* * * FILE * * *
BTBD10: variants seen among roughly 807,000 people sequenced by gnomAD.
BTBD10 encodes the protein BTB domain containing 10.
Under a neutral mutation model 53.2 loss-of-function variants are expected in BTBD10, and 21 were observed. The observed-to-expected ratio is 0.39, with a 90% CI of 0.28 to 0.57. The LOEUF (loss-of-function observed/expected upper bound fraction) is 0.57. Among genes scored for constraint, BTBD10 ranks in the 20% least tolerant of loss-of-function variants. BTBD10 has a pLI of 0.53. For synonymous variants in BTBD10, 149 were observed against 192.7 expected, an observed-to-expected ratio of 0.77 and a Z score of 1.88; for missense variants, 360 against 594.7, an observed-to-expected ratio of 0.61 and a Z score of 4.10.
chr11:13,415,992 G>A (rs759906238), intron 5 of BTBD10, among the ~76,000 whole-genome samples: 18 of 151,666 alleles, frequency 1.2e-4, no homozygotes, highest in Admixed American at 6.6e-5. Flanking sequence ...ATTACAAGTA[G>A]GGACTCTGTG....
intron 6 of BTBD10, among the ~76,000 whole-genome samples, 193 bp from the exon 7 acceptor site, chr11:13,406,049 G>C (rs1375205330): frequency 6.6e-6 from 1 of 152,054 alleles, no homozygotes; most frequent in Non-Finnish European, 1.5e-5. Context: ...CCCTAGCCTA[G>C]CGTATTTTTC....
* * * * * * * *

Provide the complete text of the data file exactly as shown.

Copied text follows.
BTBD10: variants seen among roughly 807,000 people sequenced by gnomAD.
BTBD10 encodes the protein BTB domain containing 10.
Under a neutral mutation model 53.2 loss-of-function variants are expected in BTBD10, and 21 were observed. The observed-to-expected ratio is 0.39, with a 90% CI of 0.28 to 0.57. The LOEUF (loss-of-function observed/expected upper bound fraction) is 0.57. Among genes scored for constraint, BTBD10 ranks in the 20% least tolerant of loss-of-function variants. BTBD10 has a pLI of 0.53. For synonymous variants in BTBD10, 149 were observed against 192.7 expected, an observed-to-expected ratio of 0.77 and a Z score of 1.88; for missense variants, 360 against 594.7, an observed-to-expected ratio of 0.61 and a Z score of 4.10.
chr11:13,415,992 G>A (rs759906238), intron 5 of BTBD10, among the ~76,000 whole-genome samples: 18 of 151,666 alleles, frequency 1.2e-4, no homozygotes, highest in Admixed American at 6.6e-5. Flanking sequence ...ATTACAAGTA[G>A]GGACTCTGTG....
intron 6 of BTBD10, among the ~76,000 whole-genome samples, 193 bp from the exon 7 acceptor site, chr11:13,406,049 G>C (rs1375205330): frequency 6.6e-6 from 1 of 152,054 alleles, no homozygotes; most frequent in Non-Finnish European, 1.5e-5. Context: ...CCCTAGCCTA[G>C]CGTATTTTTC....